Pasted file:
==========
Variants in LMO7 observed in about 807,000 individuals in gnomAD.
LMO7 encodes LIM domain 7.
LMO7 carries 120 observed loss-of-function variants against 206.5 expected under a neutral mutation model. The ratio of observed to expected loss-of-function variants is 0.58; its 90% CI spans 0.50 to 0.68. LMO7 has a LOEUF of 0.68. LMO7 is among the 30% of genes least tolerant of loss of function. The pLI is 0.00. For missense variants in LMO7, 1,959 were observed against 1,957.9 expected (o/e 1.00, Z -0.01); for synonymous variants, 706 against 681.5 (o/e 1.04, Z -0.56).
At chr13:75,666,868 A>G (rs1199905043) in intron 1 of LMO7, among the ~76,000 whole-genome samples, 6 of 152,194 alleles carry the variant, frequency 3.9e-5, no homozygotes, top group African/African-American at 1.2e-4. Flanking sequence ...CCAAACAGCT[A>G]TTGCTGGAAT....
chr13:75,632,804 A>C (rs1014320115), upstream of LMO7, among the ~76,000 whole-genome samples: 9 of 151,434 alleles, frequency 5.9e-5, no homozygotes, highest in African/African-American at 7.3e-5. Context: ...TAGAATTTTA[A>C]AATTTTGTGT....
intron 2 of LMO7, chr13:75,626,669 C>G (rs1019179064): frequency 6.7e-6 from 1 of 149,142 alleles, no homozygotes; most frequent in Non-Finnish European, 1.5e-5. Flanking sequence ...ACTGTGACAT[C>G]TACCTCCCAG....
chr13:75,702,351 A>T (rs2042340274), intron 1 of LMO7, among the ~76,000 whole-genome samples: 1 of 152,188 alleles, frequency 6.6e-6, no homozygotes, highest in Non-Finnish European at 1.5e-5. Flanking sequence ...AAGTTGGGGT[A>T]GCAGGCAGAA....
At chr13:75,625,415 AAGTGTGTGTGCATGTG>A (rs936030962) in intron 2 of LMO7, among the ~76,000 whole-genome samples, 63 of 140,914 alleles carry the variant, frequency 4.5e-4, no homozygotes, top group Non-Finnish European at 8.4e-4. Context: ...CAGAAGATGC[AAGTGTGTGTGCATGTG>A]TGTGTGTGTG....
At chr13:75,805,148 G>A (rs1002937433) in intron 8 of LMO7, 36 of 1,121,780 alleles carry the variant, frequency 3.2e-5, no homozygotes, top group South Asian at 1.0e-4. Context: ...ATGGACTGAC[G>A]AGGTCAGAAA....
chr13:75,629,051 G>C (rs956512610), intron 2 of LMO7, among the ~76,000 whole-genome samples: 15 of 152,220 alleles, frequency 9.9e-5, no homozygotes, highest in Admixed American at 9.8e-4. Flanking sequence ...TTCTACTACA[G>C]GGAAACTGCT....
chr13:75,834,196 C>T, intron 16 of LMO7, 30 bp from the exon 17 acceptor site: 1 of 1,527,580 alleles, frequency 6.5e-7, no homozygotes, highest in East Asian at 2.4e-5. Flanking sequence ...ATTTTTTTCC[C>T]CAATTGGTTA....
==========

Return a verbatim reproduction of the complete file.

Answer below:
Variants in LMO7 observed in about 807,000 individuals in gnomAD.
LMO7 encodes LIM domain 7.
LMO7 carries 120 observed loss-of-function variants against 206.5 expected under a neutral mutation model. The ratio of observed to expected loss-of-function variants is 0.58; its 90% CI spans 0.50 to 0.68. LMO7 has a LOEUF of 0.68. LMO7 is among the 30% of genes least tolerant of loss of function. The pLI is 0.00. For missense variants in LMO7, 1,959 were observed against 1,957.9 expected (o/e 1.00, Z -0.01); for synonymous variants, 706 against 681.5 (o/e 1.04, Z -0.56).
At chr13:75,666,868 A>G (rs1199905043) in intron 1 of LMO7, among the ~76,000 whole-genome samples, 6 of 152,194 alleles carry the variant, frequency 3.9e-5, no homozygotes, top group African/African-American at 1.2e-4. Flanking sequence ...CCAAACAGCT[A>G]TTGCTGGAAT....
chr13:75,632,804 A>C (rs1014320115), upstream of LMO7, among the ~76,000 whole-genome samples: 9 of 151,434 alleles, frequency 5.9e-5, no homozygotes, highest in African/African-American at 7.3e-5. Context: ...TAGAATTTTA[A>C]AATTTTGTGT....
intron 2 of LMO7, chr13:75,626,669 C>G (rs1019179064): frequency 6.7e-6 from 1 of 149,142 alleles, no homozygotes; most frequent in Non-Finnish European, 1.5e-5. Flanking sequence ...ACTGTGACAT[C>G]TACCTCCCAG....
chr13:75,702,351 A>T (rs2042340274), intron 1 of LMO7, among the ~76,000 whole-genome samples: 1 of 152,188 alleles, frequency 6.6e-6, no homozygotes, highest in Non-Finnish European at 1.5e-5. Flanking sequence ...AAGTTGGGGT[A>T]GCAGGCAGAA....
At chr13:75,625,415 AAGTGTGTGTGCATGTG>A (rs936030962) in intron 2 of LMO7, among the ~76,000 whole-genome samples, 63 of 140,914 alleles carry the variant, frequency 4.5e-4, no homozygotes, top group Non-Finnish European at 8.4e-4. Context: ...CAGAAGATGC[AAGTGTGTGTGCATGTG>A]TGTGTGTGTG....
At chr13:75,805,148 G>A (rs1002937433) in intron 8 of LMO7, 36 of 1,121,780 alleles carry the variant, frequency 3.2e-5, no homozygotes, top group South Asian at 1.0e-4. Context: ...ATGGACTGAC[G>A]AGGTCAGAAA....
chr13:75,629,051 G>C (rs956512610), intron 2 of LMO7, among the ~76,000 whole-genome samples: 15 of 152,220 alleles, frequency 9.9e-5, no homozygotes, highest in Admixed American at 9.8e-4. Flanking sequence ...TTCTACTACA[G>C]GGAAACTGCT....
chr13:75,834,196 C>T, intron 16 of LMO7, 30 bp from the exon 17 acceptor site: 1 of 1,527,580 alleles, frequency 6.5e-7, no homozygotes, highest in East Asian at 2.4e-5. Flanking sequence ...ATTTTTTTCC[C>T]CAATTGGTTA....